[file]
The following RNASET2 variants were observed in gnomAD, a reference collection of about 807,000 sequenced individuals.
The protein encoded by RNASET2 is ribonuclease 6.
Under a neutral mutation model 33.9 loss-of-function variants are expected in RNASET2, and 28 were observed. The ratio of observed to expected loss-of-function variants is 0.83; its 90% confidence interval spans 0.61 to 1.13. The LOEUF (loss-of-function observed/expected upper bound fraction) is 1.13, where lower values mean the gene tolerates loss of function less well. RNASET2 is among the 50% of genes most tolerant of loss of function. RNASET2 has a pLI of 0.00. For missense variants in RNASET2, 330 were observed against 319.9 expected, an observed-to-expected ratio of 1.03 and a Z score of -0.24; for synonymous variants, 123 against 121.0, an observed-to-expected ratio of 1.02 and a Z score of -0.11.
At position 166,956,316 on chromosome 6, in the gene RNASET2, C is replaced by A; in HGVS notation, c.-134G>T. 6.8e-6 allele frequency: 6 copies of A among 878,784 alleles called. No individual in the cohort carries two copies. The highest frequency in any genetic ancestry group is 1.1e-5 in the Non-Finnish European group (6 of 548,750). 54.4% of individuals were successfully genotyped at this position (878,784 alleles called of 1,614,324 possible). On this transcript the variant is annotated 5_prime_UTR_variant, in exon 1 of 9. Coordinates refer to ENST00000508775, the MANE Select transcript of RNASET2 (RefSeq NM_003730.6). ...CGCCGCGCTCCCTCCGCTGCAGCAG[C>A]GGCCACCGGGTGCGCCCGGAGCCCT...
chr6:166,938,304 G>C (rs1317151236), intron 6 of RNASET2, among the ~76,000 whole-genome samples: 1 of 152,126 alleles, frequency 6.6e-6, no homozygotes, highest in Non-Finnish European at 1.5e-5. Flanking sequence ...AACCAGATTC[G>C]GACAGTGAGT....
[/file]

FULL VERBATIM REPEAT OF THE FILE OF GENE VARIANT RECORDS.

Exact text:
The following RNASET2 variants were observed in gnomAD, a reference collection of about 807,000 sequenced individuals.
The protein encoded by RNASET2 is ribonuclease 6.
Under a neutral mutation model 33.9 loss-of-function variants are expected in RNASET2, and 28 were observed. The ratio of observed to expected loss-of-function variants is 0.83; its 90% confidence interval spans 0.61 to 1.13. The LOEUF (loss-of-function observed/expected upper bound fraction) is 1.13, where lower values mean the gene tolerates loss of function less well. RNASET2 is among the 50% of genes most tolerant of loss of function. RNASET2 has a pLI of 0.00. For missense variants in RNASET2, 330 were observed against 319.9 expected, an observed-to-expected ratio of 1.03 and a Z score of -0.24; for synonymous variants, 123 against 121.0, an observed-to-expected ratio of 1.02 and a Z score of -0.11.
At position 166,956,316 on chromosome 6, in the gene RNASET2, C is replaced by A; in HGVS notation, c.-134G>T. 6.8e-6 allele frequency: 6 copies of A among 878,784 alleles called. No individual in the cohort carries two copies. The highest frequency in any genetic ancestry group is 1.1e-5 in the Non-Finnish European group (6 of 548,750). 54.4% of individuals were successfully genotyped at this position (878,784 alleles called of 1,614,324 possible). On this transcript the variant is annotated 5_prime_UTR_variant, in exon 1 of 9. Coordinates refer to ENST00000508775, the MANE Select transcript of RNASET2 (RefSeq NM_003730.6). ...CGCCGCGCTCCCTCCGCTGCAGCAG[C>A]GGCCACCGGGTGCGCCCGGAGCCCT...
chr6:166,938,304 G>C (rs1317151236), intron 6 of RNASET2, among the ~76,000 whole-genome samples: 1 of 152,126 alleles, frequency 6.6e-6, no homozygotes, highest in Non-Finnish European at 1.5e-5. Flanking sequence ...AACCAGATTC[G>C]GACAGTGAGT....